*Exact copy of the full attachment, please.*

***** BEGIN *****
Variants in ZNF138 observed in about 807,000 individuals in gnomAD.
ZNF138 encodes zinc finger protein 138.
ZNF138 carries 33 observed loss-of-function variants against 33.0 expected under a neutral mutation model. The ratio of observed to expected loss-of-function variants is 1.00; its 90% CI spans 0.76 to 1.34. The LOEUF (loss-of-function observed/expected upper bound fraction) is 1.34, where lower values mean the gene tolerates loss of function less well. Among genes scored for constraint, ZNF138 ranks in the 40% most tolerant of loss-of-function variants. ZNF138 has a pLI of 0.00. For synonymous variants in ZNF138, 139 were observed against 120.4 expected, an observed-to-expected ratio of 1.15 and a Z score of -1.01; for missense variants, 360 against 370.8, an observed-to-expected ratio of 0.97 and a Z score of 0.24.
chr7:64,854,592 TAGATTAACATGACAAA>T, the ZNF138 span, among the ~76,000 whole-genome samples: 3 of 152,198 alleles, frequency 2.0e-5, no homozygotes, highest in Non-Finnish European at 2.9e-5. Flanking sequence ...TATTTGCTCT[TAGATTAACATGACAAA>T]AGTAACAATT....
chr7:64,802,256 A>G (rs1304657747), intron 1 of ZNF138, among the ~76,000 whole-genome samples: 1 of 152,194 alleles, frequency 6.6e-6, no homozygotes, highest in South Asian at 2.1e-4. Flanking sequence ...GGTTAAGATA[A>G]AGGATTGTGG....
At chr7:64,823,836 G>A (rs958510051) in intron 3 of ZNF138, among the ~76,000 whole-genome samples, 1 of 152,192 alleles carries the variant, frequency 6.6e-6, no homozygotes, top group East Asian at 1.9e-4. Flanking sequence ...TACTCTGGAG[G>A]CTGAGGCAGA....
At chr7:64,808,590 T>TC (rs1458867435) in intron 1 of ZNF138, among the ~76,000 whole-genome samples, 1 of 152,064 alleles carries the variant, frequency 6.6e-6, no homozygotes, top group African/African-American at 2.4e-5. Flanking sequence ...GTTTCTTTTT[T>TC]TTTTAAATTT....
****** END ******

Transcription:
Variants in ZNF138 observed in about 807,000 individuals in gnomAD.
ZNF138 encodes zinc finger protein 138.
ZNF138 carries 33 observed loss-of-function variants against 33.0 expected under a neutral mutation model. The ratio of observed to expected loss-of-function variants is 1.00; its 90% CI spans 0.76 to 1.34. The LOEUF (loss-of-function observed/expected upper bound fraction) is 1.34, where lower values mean the gene tolerates loss of function less well. Among genes scored for constraint, ZNF138 ranks in the 40% most tolerant of loss-of-function variants. ZNF138 has a pLI of 0.00. For synonymous variants in ZNF138, 139 were observed against 120.4 expected, an observed-to-expected ratio of 1.15 and a Z score of -1.01; for missense variants, 360 against 370.8, an observed-to-expected ratio of 0.97 and a Z score of 0.24.
chr7:64,854,592 TAGATTAACATGACAAA>T, the ZNF138 span, among the ~76,000 whole-genome samples: 3 of 152,198 alleles, frequency 2.0e-5, no homozygotes, highest in Non-Finnish European at 2.9e-5. Flanking sequence ...TATTTGCTCT[TAGATTAACATGACAAA>T]AGTAACAATT....
chr7:64,802,256 A>G (rs1304657747), intron 1 of ZNF138, among the ~76,000 whole-genome samples: 1 of 152,194 alleles, frequency 6.6e-6, no homozygotes, highest in South Asian at 2.1e-4. Flanking sequence ...GGTTAAGATA[A>G]AGGATTGTGG....
At chr7:64,823,836 G>A (rs958510051) in intron 3 of ZNF138, among the ~76,000 whole-genome samples, 1 of 152,192 alleles carries the variant, frequency 6.6e-6, no homozygotes, top group East Asian at 1.9e-4. Flanking sequence ...TACTCTGGAG[G>A]CTGAGGCAGA....
At chr7:64,808,590 T>TC (rs1458867435) in intron 1 of ZNF138, among the ~76,000 whole-genome samples, 1 of 152,064 alleles carries the variant, frequency 6.6e-6, no homozygotes, top group African/African-American at 2.4e-5. Flanking sequence ...GTTTCTTTTT[T>TC]TTTTAAATTT....